By Seema Gupta, MD, MSPH

Clinical Assistant Professor, Department of Family and Community Health, Joan C. Edwards School of Medicine, Marshall University, Huntington, WV

Dr. Gupta reports no financial relationships relevant to this field of study.

SYNOPSIS: In a systematic review of 795,909 people in 150 studies, researchers found many Americans have not completed an advance directive.

SOURCE: Yadav KN, Gabler NB, Cooney E, et al. Approximately one in three US adults completes any type of advance directive for end-of-life care. Health Aff (Millwood) 2017;36:1244-1251.

Advance care planning (ACP) is a continual process of preparing for future medical care in case patients are unable to make their own decisions. It includes engaging patients and families to reflect on patients’ personal goals, values, and belief systems, which ultimately translate into informing medical care. This process helps prepare the patient for current and future decisions regarding medical treatment. Data show that Americans have fallen behind on this process. For example, a survey revealed that although many people say they would prefer to die at home, only about one in three American adults have created an advance directive expressing their wishes for end-of-life care.1 Only 28% of home healthcare patients, 65% of nursing home residents, and 88% of hospice care patients have created an advance directive.2 Data show that among severely or terminally ill patients, < 50% have an advance directive. As many as three-quarters of physicians whose patients had an advance directive were not even aware that it existed.3 In fact, studies have shown that in ICU patients, as few as 17% of patients possessed advance directives.4 As components of ACP, advance directives such as durable power of attorney for healthcare and living will ensure patients receive the care that is consistent with their wishes while significantly improving multiple outcomes in patients with serious medical conditions. Additionally, ACP improves communication for shared decision-making while reducing the level of anxiety in family members during times of high stress.

Yadav et al conducted a systematic review of the data on the prevalence of advance directives among U.S. adults collected between 2011 and 2016 to determine how many Americans had advance directives, both overall and specifically among people most likely to benefit from them, and how advance directive completion rates have changed over time. Researchers included 795,909 Americans who were part of 150 different studies. Approximately 63.6% were female, 65.1% were white, 80.6% were ≥ 65 years of age, and 62.7% were in a nursing home. The meta-analyses revealed completion proportions of 29.3% (95% confidence interval [CI], 25.0-34.0%) for living wills, 33.4% (95% CI, 29.5-37.6%) for healthcare powers of attorney, and 32.2% (95% CI, 27.2-37.7%) for undefined advance directives. Patients ≥ 65 years of age exhibited a significantly greater completion percentage of any advance directive (45.6%; 95% CI, 40.6-50.8%) compared to younger adults (31.6%; 95% CI, 28.4-35.0%; P < 0.001). There was a significant difference in any advance directive completion by patient type (P < 0.001), with the highest rates among patients in hospice or palliative care (59.6%; 95% CI, 41.8-75.1%) and nursing home patients (50.1%; 95% CI, 42.1-58.2%).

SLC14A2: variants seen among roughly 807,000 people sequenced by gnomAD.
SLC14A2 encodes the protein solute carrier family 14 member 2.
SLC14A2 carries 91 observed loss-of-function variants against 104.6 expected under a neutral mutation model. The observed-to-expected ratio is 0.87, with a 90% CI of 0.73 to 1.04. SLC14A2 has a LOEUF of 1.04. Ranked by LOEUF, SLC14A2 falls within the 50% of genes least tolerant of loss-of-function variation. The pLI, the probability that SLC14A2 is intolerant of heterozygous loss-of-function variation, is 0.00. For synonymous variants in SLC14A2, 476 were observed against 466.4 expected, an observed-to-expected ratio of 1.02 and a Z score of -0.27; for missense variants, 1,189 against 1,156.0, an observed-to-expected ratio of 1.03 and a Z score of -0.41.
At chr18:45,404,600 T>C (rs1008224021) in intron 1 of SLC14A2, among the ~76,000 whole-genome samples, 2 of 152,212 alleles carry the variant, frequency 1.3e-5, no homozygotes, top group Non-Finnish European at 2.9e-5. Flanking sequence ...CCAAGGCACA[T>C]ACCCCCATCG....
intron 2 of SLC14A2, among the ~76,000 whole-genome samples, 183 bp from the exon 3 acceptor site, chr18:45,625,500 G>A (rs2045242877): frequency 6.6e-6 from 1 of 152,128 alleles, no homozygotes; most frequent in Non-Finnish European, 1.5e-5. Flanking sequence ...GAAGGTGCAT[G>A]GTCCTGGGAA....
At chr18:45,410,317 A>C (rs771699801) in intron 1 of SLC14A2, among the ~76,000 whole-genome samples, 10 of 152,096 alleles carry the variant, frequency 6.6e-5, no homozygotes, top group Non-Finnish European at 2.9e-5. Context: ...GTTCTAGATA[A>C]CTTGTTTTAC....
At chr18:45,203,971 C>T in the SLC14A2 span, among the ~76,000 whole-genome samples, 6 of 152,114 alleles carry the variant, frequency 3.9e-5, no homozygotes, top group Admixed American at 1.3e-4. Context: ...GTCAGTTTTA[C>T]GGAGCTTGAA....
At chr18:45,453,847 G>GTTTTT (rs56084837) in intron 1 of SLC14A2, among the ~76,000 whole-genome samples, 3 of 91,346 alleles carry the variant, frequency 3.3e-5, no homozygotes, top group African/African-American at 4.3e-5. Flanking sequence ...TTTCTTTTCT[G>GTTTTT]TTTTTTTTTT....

Using advance directives to plan for the end of life is viewed as a public health issue. Not only does this prevent unnecessary suffering and anxiety among families, but it can reduce unwanted and expensive treatment. However, as the research by Yadav et al demonstrated, the prevalence of advance directives remains low and stagnant. Recognizing a challenge in the field, effective Jan. 1, 2016, Medicare made the decision to reimburse physicians for ACP counseling. As Americans continue to live longer, many more are surviving with one or more chronic diseases and experience substantial disability before dying. For instance, 70% of Americans die of a chronic disease, and about 62% of all deaths each year are caused by five chronic diseases: cancer, COPD, diabetes, heart disease, and stroke. However, to ensure that more patients are able to create updated advance directives, it is critical to reduce the barriers to ACP. This includes increasing awareness among patients and their family members, and addressing denial about death and dying where it may exist. A discussion about palliative care, which may involve end-of-life care much earlier in a person’s disease process, could help avoid the confusion while maintaining quality of life at the end of life. Finally, as physicians, we must recognize the cultural differences within our patients that result in certain patients’ lower usage of hospice services and ACP, with the resultant increased likelihood of dying in hospital as well as use of intensive care and life-sustaining treatments.5


  1. Pew Research Center. Strong public support for right to die. More Americans discussing — and planning — end-of-life treatment, Jan. 5, 2006. Available at: Accessed Aug. 3, 2017.
  2. Jones AL, Moss AJ, Harris-Kojetin LD. Use of advance directives in long-term care populations. NCHS Data Brief; No 54. Hyattsville, MD: National Center for Health Statistics, 2011. Available at: Accessed Aug. 3, 2017.
  3. Kass-Bartelmes BL. U.S. Agency for Healthcare Research and Quality. Advance care planning: Preferences for care at the end of life. Research in Action; Issue 12, 2003. Available at: Accessed Aug. 3, 2017.
  4. Van Scoy LJ, Sherman M. Factors affecting code status in a university hospital intensive care unit. Death Stud 2013;37:768-781.
  5. Barnato AE, Herndon MB, Anthony DL, et al. Are regional variations in end-of-life care intensity explained by patient preferences? A study of the US Medicare population. Med Care 2007;45:386-393.